Green Homes Red Hot on Market

In Tough Housing Market Green May Sell

"It's a very hard time to try and sell a house right now," says Susie Brillault-Bergen.  And she would know.  Her family is trying to sell the Encinitas house they moved into just a couple years ago.

Susie's home, however, does have a few things her competition might not.

"In comparison to everyone else I talk to, our energy bills are really low," she says.

The reason is because there's a list of about twenty eco-friendly features to the house including a tank-less water heater, low flow toilets, and energy saving lighting.  The porch is made out of recycled trash bags.  Hardwood floors and eco-friendly paint emit almost no toxins inside the home.  In color and concept, this house is green.

"There is a lot of desire for homes that have green elements to them or create healthier living environments," says Jim Simcoe, a certified Eco-Broker and green consultant.  He's also selling that home in Encinitas.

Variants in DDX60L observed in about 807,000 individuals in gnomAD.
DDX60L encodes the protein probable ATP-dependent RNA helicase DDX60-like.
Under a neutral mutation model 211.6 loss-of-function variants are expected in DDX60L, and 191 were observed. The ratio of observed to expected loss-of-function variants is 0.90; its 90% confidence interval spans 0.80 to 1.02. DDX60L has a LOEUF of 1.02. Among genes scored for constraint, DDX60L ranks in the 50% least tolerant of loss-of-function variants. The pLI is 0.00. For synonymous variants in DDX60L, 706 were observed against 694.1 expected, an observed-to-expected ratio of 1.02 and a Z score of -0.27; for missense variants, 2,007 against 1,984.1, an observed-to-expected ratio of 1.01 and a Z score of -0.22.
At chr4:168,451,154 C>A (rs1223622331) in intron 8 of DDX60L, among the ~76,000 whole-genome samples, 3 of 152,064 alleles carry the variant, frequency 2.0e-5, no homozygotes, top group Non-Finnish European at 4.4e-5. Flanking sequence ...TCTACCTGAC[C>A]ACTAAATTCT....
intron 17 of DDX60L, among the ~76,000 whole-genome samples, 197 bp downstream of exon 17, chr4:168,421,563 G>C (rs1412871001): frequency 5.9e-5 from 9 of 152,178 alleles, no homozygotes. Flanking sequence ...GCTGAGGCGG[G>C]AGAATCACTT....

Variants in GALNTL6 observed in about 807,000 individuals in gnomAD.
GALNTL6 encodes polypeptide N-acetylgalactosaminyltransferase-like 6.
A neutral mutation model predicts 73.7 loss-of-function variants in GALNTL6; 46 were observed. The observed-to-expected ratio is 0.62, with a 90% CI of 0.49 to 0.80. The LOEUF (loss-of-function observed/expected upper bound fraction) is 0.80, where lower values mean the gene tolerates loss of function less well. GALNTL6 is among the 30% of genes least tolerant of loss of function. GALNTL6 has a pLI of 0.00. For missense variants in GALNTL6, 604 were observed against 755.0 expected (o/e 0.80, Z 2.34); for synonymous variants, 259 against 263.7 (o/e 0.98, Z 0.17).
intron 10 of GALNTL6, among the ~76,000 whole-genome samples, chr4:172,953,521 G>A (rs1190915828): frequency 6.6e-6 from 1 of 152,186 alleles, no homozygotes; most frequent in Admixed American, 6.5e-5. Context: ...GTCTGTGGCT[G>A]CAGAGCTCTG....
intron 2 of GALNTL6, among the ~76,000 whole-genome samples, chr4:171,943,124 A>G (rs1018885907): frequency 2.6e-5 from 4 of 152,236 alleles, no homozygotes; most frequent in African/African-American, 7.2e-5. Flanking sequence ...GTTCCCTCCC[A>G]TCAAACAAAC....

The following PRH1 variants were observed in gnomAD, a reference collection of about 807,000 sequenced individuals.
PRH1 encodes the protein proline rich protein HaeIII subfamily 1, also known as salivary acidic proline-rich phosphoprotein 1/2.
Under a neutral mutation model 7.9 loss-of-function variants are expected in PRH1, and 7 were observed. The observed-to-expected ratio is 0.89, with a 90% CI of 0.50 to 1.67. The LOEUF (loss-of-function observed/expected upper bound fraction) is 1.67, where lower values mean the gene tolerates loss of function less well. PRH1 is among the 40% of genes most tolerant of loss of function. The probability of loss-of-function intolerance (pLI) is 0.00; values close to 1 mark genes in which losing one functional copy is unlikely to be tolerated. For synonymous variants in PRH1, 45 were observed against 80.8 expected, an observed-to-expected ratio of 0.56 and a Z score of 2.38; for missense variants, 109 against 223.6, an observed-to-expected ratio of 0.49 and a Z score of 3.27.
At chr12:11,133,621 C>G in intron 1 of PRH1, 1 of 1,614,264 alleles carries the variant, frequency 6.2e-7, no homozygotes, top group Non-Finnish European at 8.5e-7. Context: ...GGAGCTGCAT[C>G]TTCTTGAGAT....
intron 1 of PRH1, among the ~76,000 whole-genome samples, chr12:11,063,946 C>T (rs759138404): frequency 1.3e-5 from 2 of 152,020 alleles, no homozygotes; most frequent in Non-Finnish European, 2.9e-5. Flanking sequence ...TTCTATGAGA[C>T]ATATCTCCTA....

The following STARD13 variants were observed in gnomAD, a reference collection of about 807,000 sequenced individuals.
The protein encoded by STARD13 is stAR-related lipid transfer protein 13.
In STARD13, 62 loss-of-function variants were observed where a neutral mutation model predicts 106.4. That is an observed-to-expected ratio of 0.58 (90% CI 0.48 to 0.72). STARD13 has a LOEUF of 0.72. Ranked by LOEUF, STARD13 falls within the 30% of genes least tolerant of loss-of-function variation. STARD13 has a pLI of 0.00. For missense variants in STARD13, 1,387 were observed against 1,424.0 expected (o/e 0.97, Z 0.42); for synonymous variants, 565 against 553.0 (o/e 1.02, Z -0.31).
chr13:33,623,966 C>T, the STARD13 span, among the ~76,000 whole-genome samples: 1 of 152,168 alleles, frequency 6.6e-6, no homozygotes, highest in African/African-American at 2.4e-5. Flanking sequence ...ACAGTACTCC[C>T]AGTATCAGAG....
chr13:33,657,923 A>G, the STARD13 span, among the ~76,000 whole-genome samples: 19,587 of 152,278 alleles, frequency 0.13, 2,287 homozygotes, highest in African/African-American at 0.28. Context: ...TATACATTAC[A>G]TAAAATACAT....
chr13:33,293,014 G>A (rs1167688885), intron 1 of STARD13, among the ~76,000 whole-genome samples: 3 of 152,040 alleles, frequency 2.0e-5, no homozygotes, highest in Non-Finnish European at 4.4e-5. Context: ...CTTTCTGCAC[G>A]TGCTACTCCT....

Simcoe says the estimated energy saving alone is a selling point buyers are after.

"I think it's a win win because, not only are you going to save a certain amount, anywhere from 40% to 60% on the cost of operating the home, but you're creating a healthier living environment for you."

In October, the median home price in San Diego County fell again to $323,500.  That's down almost 30% from the same time last year. While home sales are actually up, it's misleading.  More than half of resales came from foreclosure properties not individuals.

Despite the overall numbers, Simcoe says he sees a real demand for houses with green technologies, but hardly any of them on the market.  He says if someone is looking to sell, this is a way to set themselves apart.

He says, "My hope is, in the future, this will not be an uncommon house, and that everyone will have an opportunity to live in a house like this."

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